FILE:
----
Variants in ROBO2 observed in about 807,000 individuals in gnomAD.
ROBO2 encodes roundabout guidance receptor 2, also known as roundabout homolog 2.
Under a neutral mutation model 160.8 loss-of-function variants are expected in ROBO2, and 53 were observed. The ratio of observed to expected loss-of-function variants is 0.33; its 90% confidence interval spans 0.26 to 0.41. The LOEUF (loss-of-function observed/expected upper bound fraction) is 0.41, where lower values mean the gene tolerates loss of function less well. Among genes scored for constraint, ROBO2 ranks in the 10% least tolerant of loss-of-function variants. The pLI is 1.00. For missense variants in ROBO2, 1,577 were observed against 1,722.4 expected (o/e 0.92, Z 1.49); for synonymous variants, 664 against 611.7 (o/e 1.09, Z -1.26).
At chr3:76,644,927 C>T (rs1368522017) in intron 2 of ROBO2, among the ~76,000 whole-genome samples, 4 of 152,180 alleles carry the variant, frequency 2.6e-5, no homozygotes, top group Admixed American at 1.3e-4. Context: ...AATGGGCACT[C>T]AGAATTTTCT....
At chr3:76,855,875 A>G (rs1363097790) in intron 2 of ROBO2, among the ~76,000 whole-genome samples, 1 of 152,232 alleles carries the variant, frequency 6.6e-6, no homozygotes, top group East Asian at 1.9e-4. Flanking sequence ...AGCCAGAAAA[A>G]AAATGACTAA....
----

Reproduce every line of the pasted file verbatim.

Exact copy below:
Variants in ROBO2 observed in about 807,000 individuals in gnomAD.
ROBO2 encodes roundabout guidance receptor 2, also known as roundabout homolog 2.
Under a neutral mutation model 160.8 loss-of-function variants are expected in ROBO2, and 53 were observed. The ratio of observed to expected loss-of-function variants is 0.33; its 90% confidence interval spans 0.26 to 0.41. The LOEUF (loss-of-function observed/expected upper bound fraction) is 0.41, where lower values mean the gene tolerates loss of function less well. Among genes scored for constraint, ROBO2 ranks in the 10% least tolerant of loss-of-function variants. The pLI is 1.00. For missense variants in ROBO2, 1,577 were observed against 1,722.4 expected (o/e 0.92, Z 1.49); for synonymous variants, 664 against 611.7 (o/e 1.09, Z -1.26).
At chr3:76,644,927 C>T (rs1368522017) in intron 2 of ROBO2, among the ~76,000 whole-genome samples, 4 of 152,180 alleles carry the variant, frequency 2.6e-5, no homozygotes, top group Admixed American at 1.3e-4. Context: ...AATGGGCACT[C>T]AGAATTTTCT....
At chr3:76,855,875 A>G (rs1363097790) in intron 2 of ROBO2, among the ~76,000 whole-genome samples, 1 of 152,232 alleles carries the variant, frequency 6.6e-6, no homozygotes, top group East Asian at 1.9e-4. Flanking sequence ...AGCCAGAAAA[A>G]AAATGACTAA....